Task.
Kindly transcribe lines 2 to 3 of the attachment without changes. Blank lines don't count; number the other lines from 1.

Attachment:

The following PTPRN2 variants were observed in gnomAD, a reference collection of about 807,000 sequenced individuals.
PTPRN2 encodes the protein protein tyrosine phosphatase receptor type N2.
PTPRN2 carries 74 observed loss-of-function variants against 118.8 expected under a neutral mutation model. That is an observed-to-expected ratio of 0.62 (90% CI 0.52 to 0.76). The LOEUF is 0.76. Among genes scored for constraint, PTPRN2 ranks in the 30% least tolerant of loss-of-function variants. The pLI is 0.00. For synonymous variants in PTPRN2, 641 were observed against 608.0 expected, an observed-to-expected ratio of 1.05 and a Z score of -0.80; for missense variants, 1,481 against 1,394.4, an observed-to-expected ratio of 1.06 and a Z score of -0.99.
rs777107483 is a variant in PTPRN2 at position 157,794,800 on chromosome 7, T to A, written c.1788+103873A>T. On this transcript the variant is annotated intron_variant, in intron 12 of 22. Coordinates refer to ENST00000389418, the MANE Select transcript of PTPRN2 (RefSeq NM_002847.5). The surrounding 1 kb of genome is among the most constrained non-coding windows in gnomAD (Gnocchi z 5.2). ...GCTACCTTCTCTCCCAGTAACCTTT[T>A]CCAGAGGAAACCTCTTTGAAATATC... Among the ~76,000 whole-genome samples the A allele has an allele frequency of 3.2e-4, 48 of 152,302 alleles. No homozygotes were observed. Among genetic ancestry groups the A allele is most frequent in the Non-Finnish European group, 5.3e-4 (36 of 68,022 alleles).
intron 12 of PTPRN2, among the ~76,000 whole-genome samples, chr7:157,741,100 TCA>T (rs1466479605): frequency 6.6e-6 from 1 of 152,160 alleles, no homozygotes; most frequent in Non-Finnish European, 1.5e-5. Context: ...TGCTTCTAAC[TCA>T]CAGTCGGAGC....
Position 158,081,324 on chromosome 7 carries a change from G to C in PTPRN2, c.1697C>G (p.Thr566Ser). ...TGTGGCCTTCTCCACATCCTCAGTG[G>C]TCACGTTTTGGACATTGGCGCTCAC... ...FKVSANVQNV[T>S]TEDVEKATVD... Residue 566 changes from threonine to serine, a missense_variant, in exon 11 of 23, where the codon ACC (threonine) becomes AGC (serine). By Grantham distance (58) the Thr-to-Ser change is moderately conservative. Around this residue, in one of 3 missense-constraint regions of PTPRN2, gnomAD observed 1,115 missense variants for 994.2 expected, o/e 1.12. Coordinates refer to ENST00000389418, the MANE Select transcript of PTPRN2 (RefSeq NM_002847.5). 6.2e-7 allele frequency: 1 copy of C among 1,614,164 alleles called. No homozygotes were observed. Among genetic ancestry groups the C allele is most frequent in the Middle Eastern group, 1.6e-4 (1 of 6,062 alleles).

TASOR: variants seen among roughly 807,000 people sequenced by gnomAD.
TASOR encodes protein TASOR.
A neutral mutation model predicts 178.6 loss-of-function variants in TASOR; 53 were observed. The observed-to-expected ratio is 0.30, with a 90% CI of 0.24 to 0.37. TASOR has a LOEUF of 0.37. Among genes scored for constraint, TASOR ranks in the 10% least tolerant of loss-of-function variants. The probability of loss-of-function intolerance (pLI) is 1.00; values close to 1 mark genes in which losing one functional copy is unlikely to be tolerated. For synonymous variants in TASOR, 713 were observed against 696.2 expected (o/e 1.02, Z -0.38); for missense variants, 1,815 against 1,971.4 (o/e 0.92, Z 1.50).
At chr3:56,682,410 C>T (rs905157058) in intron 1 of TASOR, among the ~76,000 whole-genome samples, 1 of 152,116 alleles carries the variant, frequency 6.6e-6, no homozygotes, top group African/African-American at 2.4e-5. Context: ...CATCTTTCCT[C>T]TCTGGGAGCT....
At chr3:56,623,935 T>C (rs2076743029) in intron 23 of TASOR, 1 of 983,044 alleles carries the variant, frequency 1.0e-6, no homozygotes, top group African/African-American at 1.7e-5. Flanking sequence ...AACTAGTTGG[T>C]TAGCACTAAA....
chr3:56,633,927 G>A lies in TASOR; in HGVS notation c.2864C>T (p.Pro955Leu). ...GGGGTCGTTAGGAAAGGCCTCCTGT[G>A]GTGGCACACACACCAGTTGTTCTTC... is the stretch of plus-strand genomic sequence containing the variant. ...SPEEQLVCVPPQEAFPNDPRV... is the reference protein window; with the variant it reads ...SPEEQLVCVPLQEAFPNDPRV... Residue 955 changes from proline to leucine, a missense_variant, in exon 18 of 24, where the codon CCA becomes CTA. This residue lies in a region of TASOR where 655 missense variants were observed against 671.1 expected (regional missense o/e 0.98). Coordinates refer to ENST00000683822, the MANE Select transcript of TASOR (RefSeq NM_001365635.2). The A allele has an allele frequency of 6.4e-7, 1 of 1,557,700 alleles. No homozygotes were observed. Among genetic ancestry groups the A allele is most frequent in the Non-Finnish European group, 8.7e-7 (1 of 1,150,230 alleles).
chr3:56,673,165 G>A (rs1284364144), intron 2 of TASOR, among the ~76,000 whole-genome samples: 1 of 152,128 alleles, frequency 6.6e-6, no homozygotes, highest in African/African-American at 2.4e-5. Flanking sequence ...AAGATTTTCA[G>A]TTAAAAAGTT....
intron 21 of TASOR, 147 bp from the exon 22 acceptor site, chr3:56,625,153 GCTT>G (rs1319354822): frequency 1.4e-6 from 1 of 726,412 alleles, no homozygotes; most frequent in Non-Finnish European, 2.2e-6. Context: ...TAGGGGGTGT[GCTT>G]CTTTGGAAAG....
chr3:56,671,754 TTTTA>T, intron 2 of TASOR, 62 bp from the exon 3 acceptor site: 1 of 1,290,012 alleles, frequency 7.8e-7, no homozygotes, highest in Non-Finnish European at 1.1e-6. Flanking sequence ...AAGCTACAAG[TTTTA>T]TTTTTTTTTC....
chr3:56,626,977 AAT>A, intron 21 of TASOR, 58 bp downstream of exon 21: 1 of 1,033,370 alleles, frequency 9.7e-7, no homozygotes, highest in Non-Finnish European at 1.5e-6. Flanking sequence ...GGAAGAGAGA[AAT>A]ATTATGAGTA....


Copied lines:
PTPRN2 encodes the protein protein tyrosine phosphatase receptor type N2.
PTPRN2 carries 74 observed loss-of-function variants against 118.8 expected under a neutral mutation model. That is an observed-to-expected ratio of 0.62 (90% CI 0.52 to 0.76). The LOEUF is 0.76. Among genes scored for constraint, PTPRN2 ranks in the 30% least tolerant of loss-of-function variants. The pLI is 0.00. For synonymous variants in PTPRN2, 641 were observed against 608.0 expected, an observed-to-expected ratio of 1.05 and a Z score of -0.80; for missense variants, 1,481 against 1,394.4, an observed-to-expected ratio of 1.06 and a Z score of -0.99.